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From big green to low carbon – China's failing green projects

BEIJING – Like politicians all over the world, Chinese officials have been quick to grasp the political and economic benefits that come with embracing the green tech movement. In recent years press releases from every governmental level and stories from domestic and foreign media alike have gamely reported on the broad steps China has taken to create greener, low carbon cities.

How surprising then to hear that many of these projects have failed, often spectacularly.

In an interview with the always informative China Dialogue, Jiang Kejun, a senior researcher from the Chinese government’s Energy Research Institute, offered a frank assessment of the nation’s low carbon city movement, noting that the “per-capita emissions in Chinese cities are two or more times those of western cities.”

According to Jiang, the prevalence of heavy-polluting industries in Chinese cities compared to developed nations and a “rural view of modernization” by urban planners in China are leading causes for this failure to create true low carbon cities:

“You can describe our current approach to city building as entirely mistaken. Look at Beijing – it’s all wrong, from the buildings to the roads to the planning of zones. We build huge buildings but use little of the space. From the 1990s to 2005, Beijing encouraged car use. “Transportation development” just meant increasing average traffic speeds, for example from 14 kilometres per hour to 15 kilometres per hour. Another target is road surface area: officials are judged on how much the area devoted to roads has increased, and the more that happens, the less space there is for bikes and pedestrians.”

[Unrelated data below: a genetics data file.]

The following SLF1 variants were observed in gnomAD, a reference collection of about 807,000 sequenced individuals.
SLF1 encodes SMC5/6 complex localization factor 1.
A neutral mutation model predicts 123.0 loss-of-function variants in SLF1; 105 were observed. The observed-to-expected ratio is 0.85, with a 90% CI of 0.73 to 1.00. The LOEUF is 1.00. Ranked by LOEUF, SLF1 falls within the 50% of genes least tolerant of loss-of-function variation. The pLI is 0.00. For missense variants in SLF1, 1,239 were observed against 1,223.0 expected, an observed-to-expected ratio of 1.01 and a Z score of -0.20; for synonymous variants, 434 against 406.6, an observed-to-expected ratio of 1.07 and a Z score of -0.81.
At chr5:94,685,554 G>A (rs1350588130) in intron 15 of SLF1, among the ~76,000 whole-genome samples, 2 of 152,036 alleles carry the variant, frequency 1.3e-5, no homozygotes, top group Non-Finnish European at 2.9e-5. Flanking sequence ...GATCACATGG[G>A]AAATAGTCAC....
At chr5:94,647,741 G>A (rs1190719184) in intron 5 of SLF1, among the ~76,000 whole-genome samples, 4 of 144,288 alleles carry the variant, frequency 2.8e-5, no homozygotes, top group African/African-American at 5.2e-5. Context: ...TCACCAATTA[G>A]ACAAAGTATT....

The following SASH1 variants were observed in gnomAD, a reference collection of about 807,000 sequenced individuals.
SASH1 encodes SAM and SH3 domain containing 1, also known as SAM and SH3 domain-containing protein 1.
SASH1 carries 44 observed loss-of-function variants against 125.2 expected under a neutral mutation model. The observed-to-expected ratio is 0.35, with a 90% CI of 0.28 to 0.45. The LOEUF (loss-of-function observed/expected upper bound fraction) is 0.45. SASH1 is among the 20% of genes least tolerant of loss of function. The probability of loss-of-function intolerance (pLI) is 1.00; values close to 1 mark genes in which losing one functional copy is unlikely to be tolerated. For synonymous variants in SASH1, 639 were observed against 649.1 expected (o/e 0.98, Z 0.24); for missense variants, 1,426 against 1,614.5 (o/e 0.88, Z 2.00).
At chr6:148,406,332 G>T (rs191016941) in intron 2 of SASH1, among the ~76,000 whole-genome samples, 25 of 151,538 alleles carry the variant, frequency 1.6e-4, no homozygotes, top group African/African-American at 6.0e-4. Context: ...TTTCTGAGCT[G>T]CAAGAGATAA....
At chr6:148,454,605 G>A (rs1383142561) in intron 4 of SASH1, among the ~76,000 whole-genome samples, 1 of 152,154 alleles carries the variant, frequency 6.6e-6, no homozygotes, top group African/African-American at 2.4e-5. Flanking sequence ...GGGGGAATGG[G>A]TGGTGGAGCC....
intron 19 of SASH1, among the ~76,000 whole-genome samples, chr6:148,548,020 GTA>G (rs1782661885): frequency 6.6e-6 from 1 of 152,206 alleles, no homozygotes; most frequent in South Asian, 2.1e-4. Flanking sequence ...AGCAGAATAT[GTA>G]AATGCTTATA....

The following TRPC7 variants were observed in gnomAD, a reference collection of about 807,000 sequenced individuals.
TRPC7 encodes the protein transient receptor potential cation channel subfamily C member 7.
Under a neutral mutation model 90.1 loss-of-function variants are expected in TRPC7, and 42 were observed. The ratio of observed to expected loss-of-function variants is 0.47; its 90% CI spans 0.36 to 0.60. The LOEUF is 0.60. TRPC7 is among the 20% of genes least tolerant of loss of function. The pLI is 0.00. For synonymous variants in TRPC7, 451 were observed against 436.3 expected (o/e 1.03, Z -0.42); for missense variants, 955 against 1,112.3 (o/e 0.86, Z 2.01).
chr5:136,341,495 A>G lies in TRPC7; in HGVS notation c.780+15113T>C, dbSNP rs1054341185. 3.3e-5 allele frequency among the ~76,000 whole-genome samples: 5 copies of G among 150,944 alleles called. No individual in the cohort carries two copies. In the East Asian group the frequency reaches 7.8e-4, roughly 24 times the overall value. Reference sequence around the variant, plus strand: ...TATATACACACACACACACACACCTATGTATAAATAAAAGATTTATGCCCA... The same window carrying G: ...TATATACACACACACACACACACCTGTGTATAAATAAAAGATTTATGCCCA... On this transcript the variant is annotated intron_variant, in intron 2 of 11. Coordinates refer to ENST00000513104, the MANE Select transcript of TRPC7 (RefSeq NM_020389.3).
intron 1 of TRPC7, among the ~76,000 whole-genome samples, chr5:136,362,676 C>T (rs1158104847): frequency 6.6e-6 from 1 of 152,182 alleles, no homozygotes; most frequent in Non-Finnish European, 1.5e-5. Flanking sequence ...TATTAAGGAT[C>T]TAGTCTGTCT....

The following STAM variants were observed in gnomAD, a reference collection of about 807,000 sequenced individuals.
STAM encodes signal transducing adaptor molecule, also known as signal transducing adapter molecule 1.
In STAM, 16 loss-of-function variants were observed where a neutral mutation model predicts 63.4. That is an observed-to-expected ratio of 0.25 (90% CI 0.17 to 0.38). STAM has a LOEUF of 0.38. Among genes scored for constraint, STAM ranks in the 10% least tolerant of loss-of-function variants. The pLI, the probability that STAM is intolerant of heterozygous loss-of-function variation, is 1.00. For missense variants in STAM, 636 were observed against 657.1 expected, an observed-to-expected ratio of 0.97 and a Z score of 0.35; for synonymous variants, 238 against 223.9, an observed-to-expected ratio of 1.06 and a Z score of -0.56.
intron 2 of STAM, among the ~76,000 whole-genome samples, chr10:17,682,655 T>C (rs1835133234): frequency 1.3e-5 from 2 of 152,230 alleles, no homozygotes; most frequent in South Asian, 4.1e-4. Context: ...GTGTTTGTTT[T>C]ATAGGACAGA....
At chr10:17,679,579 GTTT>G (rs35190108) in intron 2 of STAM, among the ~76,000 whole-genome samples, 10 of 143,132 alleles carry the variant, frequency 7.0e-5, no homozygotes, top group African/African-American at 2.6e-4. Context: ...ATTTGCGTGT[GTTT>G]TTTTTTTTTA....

The idea of low-carbon experimental cities is one that has captured the attention of government officials from Shanghai to Kunming. In recent years, a slew of high-profile projects has been announced in conjunction with promises by foreign architecture and green tech firms to make China a laboratory for the next generation of sustainable technology.

However, aside from the promotional bump that came with their initial announcements, few of these projects produced practical living environments.

Dongtan was one such failure. Marketed as the proverbial eco-city upon a hill by local government officials and its British design firm partner, the island city was slated to be constructed just off of Shanghai as an example of sustainable living. By 2050, developers boasted it would grow to be the size of Manhattan with an expected population of 500,000 people.

Originally announced in 2005, Dongtan was expected to have its first phase open in time for the recently completed Shanghai Expo. Little progress has made beyond the opening of a tunnel connecting Dongtan to Shanghai.

Other prominent failures include the Huangbaiyu project in China’s northeastern Liaoning province, which was supposed to create an energy-efficient farming community by building homes using custom designed bricks made of special hay and pressed-earth.

Instead, due to cost overruns with the special bricks, many of the homes were built using conventional carbon heavy materials. Furthermore, houses were constructed with insufficient space for farmers to raise livestock and oddly enough, with garages -- despite the fact that none of the farmers owned cars.

With these examples, Jiang suggests that China’s Ministry of Environmental Protection needs to change the guidelines for what constitutes a low carbon city. Since government officials in China advance through the party ranks via a draconian system of meeting economic and societal targets, a change in that rubric to include greater emphasis on green issues could rapidly change the way urban planners approach this push towards a low-carbon cities.